We develop the impulsiveness index, a new classification system for solar flares using the Solar Dynamics Observatory/Extreme Ultraviolet Experiment 304 Å Sun-as-a-star light curves. Impulsiveness classifies events based on the duration and intensity of the initial high-energy deposition of energy into the chromosphere. In stellar flareU-band light curves, Kowalski et al. found that impulsiveness is related to quantities such as a proxy for the Balmer jump ratio. However, the lack of direct spatial resolution in stellar flares limits our ability to explain this phenomenon. We calculate impulsiveness for 1368 solar flares between 2010 April and 2014 May. We divide events into categories of low, mid, and high impulsiveness. We find, in a sample of 480 flares, that events with high maximum reconnection rate tend to also have high impulsiveness. For six case studies, we compare impulsiveness to magnetic shear, ribbon evolution, and energy release. We find that the end of the 304 Å light-curve rise phase in these case studies corresponds to the cessation of polarity inversion line (PIL)-parallel ribbon motion, while PIL-perpendicular motion persists afterward in most cases. The measured guide-field ratio for low- and mid-impulsiveness case-study flares decreases about an order of magnitude during the impulsive flare phase. Finally, we find that, in four of the six case studies, flares with higher, more persistent shear tend to have low impulsiveness. Our study suggests that impulsiveness may be related to other properties of the impulsive phase, though more work is needed to verify this relationship and apply our findings to stellar flare physics.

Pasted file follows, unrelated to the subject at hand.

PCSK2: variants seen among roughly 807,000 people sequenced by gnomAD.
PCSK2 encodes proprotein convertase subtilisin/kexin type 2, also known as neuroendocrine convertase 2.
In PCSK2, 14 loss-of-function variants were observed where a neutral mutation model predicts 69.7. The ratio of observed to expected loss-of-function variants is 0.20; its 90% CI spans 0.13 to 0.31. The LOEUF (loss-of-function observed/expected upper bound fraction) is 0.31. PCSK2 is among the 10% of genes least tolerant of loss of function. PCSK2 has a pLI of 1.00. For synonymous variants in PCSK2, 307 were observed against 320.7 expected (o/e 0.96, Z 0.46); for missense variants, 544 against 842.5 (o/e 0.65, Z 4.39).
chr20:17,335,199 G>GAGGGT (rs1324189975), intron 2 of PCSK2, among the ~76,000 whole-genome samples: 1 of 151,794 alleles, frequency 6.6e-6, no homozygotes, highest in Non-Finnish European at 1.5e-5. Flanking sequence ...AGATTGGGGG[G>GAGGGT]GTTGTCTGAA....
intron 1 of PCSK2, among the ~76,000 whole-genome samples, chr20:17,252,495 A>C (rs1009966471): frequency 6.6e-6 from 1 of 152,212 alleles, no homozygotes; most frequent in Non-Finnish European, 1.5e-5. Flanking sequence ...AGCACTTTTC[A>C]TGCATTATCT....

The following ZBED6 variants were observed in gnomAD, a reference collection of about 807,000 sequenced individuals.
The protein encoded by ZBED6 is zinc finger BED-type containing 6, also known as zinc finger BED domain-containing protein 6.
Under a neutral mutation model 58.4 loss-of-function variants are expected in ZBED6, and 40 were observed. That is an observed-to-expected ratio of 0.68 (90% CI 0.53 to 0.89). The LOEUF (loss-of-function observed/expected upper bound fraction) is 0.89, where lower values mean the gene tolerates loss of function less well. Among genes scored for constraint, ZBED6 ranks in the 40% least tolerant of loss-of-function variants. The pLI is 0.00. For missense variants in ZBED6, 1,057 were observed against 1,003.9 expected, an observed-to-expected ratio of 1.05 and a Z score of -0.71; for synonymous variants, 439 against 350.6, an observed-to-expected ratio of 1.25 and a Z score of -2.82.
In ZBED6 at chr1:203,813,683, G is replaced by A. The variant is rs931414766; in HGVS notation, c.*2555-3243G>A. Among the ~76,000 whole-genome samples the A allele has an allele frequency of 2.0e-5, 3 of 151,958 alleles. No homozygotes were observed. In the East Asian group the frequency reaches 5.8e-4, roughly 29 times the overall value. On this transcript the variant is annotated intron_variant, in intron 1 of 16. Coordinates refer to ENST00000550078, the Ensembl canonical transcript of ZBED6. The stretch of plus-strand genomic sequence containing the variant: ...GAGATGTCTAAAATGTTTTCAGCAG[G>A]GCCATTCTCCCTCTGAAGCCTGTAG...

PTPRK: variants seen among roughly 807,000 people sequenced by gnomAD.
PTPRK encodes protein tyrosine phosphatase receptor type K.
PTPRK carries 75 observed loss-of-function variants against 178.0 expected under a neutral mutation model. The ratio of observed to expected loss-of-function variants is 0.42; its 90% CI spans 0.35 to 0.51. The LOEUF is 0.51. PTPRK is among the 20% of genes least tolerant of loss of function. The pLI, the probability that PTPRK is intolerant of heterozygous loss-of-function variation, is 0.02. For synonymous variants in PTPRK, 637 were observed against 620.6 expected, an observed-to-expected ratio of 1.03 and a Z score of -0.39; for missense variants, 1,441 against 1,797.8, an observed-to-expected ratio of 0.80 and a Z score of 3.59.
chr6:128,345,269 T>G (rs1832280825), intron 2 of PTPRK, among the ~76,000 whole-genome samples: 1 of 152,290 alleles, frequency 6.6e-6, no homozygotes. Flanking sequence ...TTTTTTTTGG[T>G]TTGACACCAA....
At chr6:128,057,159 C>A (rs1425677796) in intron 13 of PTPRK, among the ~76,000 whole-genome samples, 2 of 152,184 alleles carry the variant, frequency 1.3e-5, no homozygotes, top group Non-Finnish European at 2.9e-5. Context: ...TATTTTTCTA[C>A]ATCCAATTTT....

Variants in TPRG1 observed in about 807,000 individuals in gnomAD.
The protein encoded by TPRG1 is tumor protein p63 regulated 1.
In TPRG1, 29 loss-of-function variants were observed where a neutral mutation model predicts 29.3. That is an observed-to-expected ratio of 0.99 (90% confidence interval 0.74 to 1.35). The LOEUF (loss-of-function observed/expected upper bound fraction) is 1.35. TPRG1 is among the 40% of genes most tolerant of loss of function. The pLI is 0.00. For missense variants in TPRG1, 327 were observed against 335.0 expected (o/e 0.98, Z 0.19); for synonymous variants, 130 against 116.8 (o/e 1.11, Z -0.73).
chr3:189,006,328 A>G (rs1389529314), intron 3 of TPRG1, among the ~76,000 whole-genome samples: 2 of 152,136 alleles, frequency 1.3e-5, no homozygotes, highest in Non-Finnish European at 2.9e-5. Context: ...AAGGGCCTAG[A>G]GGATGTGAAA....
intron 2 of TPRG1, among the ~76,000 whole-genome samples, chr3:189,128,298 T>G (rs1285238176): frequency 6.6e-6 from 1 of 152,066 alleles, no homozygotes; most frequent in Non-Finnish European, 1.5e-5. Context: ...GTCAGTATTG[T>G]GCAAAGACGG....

more » « less
  4. Abstract

    When and where the magnetic field energy is released and converted in eruptive solar flares remains an outstanding topic in solar physics. To shed light on this question, here we report multiwavelength observations of a C9.4-class eruptive limb flare that occurred on 2017 August 20. The flare, accompanied by a magnetic flux rope eruption and a white light coronal mass ejection, features three post-impulsive X-ray and microwave bursts immediately following its main impulsive phase. For each burst, both microwave and X-ray imaging suggest that the nonthermal electrons are located in the above-the-loop-top region. Interestingly, contrary to many other flares, the peak flux of the three post-impulsive microwave and X-ray bursts shows an increase for later bursts. Spectral analysis reveals that the sources have a hardening spectral index, suggesting a more efficient electron acceleration into the later post-impulsive bursts. We observe a positive correlation between the acceleration of the magnetic flux rope and the nonthermal energy release during the post-impulsive bursts in the same event. Intriguingly, different from some other eruptive events, this correlation does not hold for the main impulse phase of this event, which we interpret as energy release due to the tether-cutting reconnection before the primary flux rope acceleration occurs. In addition, using footpoint brightenings at conjugate flare ribbons, a weakening reconnection guide field is inferred, which may also contribute to the hardening of the nonthermal electrons during the post-impulsive phase.